Contending for the faith | Making Disciples | Equipping the Saints for Ministry

   A Matter of The Heart
  by Rayola Kelley

      The greatest struggle in my Christian life is coming to terms with what it means, or what it takes, to be victorious. The Bible is a book that is honest about man’s plight, but it also reveals what it means to be overcomers. Overcoming is not an option; rather, it is a necessity if we are to enter the kingdom of God. Revelation 21:7-8 confirms this, “He that overcometh shall inherit all things; and I will be his God, and he shall be my son. But the fearful, and unbelieving, and the abominable, and the murderers, and whoremongers, and sorcerers, and idolaters and all liars, shall have their part in the lake which burneth with fire and brimstone: which is the second death.”

      The Bible is clear that those who live according to, and by the flesh, will not inherit the kingdom of God (Galatians 5:19-21). And, for those who are part of the world, they are enemies of God and will stand judged with the world. The Apostle John summarized it in this way, “Love not the world, neither the things that are in the world. If any man love the world, the love of the Father is not in him. For all that is in the world, the lust of the flesh, and the lust of the eyes, and the pride of life, is not of the Father, but is of the world. And the world passeth away, and the lust thereof: but he that doeth the will of God abideth forever” (1 John 2:15-17).

      Through the years I have tried to discover the “pattern” or a “method” that would always ensure spiritual victory, but I found that no one “method” ever really worked in every situation and the only sure “pattern” I could follow was the one set forth by the example of Jesus. The Bible is clear that as believers, if we are to abide in Him, we must walk as He walked (1 John 2:6).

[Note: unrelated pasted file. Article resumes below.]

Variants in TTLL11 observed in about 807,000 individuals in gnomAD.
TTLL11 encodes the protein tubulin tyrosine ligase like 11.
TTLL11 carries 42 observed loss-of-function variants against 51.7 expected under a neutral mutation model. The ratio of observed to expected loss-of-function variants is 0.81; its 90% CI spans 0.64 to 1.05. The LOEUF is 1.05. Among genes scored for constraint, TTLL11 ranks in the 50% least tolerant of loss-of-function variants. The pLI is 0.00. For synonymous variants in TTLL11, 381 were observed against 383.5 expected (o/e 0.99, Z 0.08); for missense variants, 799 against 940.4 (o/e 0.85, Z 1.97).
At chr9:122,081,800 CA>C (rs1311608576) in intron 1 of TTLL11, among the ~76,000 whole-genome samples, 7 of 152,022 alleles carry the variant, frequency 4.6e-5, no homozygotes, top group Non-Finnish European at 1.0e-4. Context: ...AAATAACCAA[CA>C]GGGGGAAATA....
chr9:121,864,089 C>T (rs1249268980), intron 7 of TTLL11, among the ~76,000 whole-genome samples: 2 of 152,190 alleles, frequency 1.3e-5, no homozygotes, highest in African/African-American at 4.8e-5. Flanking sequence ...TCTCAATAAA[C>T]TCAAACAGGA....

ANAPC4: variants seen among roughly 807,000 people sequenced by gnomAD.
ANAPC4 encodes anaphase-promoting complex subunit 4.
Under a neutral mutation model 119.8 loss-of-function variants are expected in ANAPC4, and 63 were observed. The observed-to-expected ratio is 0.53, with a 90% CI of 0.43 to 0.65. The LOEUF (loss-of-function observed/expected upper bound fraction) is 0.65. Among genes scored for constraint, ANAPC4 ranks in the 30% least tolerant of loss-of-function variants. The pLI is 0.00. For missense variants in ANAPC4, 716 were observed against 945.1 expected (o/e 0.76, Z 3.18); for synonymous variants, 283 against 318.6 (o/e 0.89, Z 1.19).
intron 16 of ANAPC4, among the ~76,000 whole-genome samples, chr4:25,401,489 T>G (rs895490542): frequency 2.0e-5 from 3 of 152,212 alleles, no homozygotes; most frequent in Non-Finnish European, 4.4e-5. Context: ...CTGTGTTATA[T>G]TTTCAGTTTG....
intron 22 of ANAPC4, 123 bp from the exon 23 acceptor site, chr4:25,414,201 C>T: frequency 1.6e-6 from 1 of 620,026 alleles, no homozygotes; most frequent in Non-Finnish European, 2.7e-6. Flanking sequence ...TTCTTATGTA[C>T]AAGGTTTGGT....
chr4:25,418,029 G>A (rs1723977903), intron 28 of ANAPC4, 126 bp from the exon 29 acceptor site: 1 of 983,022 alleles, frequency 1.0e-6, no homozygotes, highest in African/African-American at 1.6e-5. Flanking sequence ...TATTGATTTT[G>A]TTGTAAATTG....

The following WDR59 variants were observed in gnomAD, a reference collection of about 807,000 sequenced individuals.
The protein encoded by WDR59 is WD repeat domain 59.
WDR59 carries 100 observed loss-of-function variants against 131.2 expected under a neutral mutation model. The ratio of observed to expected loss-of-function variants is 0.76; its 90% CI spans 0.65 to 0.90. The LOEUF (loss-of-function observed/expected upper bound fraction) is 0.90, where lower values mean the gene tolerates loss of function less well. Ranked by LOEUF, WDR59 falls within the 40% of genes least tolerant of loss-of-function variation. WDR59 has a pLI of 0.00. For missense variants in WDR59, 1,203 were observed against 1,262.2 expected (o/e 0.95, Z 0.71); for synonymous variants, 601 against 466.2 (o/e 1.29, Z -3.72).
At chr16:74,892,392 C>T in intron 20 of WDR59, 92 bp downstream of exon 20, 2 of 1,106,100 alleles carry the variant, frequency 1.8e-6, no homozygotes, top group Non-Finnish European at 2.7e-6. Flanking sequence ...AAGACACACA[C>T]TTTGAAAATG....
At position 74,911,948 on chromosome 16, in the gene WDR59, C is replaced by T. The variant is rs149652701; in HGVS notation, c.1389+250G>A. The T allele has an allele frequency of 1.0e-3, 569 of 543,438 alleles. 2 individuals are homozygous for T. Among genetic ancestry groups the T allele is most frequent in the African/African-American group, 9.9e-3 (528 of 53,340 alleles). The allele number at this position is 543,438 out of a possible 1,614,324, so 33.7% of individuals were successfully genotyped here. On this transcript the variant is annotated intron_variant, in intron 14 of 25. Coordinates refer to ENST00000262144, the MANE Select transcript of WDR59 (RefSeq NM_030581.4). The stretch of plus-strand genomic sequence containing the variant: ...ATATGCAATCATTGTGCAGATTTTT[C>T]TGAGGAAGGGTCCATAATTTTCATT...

In the previous Scripture reference of 1 John 2:6, the Apostle John tells us what it means to abide in Him. I realize that, as the branch, I must abide in Jesus to ensure that His life pulsates through my inner being. However, what does it take to abide in Christ?

      Through the years I have learned that there is only one way to abide in Him, and that is to remain humble before Him. Humility is a state that usually occurs after one has been broken. For Christians, that generally means we have become broken over our sin. The problem today is that sin is whitewashed as a way to allow people to feel good about their sinful plight, minimized to accommodate the politically correct environment, and reclassified so people can be happy in this present world in spite of facing eternal damnation in the world to come. So many people are like the thief on the cross who taunted Jesus to prove His deity and power by sparing him of the cross he was so worthy to bear. He had no remorse for his ways, no recognition of his deserved status, and no fear of God. He was caught up with his wicked life in this present world, and had no concern for the world to come. He was a lost heathen through and through.